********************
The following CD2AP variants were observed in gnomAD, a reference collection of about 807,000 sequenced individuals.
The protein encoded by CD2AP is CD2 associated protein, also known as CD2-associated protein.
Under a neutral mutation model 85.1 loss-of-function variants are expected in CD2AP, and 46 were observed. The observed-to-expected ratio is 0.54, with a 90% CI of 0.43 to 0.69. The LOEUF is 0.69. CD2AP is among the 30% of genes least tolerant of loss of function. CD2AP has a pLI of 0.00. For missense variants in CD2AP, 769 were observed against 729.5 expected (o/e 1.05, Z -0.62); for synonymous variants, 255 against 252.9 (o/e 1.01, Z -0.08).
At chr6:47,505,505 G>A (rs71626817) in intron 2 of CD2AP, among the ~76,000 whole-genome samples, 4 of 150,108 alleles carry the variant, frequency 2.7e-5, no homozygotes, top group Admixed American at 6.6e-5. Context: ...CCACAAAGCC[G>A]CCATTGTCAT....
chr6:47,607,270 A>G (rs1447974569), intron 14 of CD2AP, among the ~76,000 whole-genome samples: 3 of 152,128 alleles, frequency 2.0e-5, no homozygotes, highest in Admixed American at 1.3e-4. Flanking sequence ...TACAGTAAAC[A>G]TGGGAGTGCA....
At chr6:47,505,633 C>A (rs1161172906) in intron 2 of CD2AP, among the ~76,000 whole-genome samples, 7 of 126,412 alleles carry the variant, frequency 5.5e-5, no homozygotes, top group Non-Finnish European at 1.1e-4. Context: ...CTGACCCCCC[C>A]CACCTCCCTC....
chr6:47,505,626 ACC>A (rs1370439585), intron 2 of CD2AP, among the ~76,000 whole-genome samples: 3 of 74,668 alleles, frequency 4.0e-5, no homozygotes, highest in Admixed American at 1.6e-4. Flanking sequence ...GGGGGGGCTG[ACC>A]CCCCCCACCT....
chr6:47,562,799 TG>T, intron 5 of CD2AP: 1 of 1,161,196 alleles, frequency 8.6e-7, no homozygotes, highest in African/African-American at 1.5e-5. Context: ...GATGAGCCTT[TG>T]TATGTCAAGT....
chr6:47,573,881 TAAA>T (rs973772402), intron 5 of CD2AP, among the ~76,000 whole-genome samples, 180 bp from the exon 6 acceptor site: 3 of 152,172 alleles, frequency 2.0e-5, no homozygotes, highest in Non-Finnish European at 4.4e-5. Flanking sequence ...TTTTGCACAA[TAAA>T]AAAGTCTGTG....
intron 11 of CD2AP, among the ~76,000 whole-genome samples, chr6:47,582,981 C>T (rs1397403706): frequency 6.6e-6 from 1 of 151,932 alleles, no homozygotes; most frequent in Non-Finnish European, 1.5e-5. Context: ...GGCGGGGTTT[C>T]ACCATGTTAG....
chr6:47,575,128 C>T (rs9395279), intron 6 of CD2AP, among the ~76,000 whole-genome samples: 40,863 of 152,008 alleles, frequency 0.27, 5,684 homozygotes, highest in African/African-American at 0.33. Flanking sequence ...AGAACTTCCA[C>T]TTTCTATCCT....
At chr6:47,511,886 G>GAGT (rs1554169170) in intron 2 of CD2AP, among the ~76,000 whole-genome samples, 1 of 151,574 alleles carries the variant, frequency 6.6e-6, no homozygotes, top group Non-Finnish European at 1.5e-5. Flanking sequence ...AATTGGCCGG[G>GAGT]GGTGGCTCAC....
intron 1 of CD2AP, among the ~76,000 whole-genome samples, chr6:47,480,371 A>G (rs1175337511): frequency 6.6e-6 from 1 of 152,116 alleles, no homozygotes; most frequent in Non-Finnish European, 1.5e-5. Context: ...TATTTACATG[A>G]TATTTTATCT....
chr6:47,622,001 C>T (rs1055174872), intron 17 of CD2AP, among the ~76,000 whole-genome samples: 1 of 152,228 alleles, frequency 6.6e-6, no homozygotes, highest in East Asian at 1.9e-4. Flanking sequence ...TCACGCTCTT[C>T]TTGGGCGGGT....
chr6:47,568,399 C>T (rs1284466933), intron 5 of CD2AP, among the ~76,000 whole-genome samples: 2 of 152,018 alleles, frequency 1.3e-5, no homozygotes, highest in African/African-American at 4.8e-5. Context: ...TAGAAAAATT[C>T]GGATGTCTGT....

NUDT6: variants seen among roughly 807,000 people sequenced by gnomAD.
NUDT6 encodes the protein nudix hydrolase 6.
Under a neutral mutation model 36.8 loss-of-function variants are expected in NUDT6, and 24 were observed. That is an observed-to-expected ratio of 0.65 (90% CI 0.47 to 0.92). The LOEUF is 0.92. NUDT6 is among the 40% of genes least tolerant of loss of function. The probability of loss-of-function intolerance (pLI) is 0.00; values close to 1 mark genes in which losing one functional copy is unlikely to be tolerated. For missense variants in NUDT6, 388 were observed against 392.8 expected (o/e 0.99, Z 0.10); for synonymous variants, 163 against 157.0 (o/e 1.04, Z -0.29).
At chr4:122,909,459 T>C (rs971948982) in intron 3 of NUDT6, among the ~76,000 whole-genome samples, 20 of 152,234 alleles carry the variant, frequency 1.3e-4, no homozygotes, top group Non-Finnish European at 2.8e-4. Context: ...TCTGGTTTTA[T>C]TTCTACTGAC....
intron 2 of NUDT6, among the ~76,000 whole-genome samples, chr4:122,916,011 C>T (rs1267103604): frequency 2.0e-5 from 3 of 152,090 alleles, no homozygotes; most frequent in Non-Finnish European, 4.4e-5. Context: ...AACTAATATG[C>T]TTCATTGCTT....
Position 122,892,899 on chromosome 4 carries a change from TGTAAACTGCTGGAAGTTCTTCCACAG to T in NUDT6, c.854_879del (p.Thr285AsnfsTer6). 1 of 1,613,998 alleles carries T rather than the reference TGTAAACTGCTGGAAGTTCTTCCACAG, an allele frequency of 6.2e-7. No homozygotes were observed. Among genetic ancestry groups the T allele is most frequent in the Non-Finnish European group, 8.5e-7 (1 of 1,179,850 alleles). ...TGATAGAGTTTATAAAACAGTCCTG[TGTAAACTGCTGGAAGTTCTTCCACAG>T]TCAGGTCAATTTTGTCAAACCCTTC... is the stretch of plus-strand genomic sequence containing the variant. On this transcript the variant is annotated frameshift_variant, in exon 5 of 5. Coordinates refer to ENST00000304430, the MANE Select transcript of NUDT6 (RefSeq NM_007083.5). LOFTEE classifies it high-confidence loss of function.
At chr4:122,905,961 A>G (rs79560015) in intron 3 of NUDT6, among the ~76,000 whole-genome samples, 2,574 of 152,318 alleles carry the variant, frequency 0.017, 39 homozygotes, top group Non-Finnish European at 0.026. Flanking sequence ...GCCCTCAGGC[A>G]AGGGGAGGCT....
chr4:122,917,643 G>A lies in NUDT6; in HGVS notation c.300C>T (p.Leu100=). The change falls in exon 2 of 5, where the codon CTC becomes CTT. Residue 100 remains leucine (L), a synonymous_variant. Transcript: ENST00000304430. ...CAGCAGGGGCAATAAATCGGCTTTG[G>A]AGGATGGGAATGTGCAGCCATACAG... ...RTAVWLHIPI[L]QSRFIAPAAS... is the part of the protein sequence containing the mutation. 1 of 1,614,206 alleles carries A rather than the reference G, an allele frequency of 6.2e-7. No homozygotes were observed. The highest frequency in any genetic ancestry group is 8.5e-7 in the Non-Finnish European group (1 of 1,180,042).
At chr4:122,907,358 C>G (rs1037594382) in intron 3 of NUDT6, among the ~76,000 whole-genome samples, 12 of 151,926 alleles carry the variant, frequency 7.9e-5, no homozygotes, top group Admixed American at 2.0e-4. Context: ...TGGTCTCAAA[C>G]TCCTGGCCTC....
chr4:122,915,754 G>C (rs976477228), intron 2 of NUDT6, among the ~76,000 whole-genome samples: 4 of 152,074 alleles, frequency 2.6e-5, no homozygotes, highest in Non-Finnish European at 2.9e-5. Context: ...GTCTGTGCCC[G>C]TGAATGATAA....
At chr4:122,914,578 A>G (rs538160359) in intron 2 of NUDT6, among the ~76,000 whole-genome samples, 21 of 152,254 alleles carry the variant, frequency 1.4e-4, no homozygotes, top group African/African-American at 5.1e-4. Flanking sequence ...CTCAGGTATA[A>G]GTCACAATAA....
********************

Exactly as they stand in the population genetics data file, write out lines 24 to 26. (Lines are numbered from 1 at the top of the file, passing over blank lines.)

At chr4:122,907,358 C>G (rs1037594382) in intron 3 of NUDT6, among the ~76,000 whole-genome samples, 12 of 151,926 alleles carry the variant, frequency 7.9e-5, no homozygotes, top group Admixed American at 2.0e-4. Context: ...TGGTCTCAAA[C>G]TCCTGGCCTC....
chr4:122,915,754 G>C (rs976477228), intron 2 of NUDT6, among the ~76,000 whole-genome samples: 4 of 152,074 alleles, frequency 2.6e-5, no homozygotes, highest in Non-Finnish European at 2.9e-5. Context: ...GTCTGTGCCC[G>C]TGAATGATAA....
At chr4:122,914,578 A>G (rs538160359) in intron 2 of NUDT6, among the ~76,000 whole-genome samples, 21 of 152,254 alleles carry the variant, frequency 1.4e-4, no homozygotes, top group African/African-American at 5.1e-4. Flanking sequence ...CTCAGGTATA[A>G]GTCACAATAA....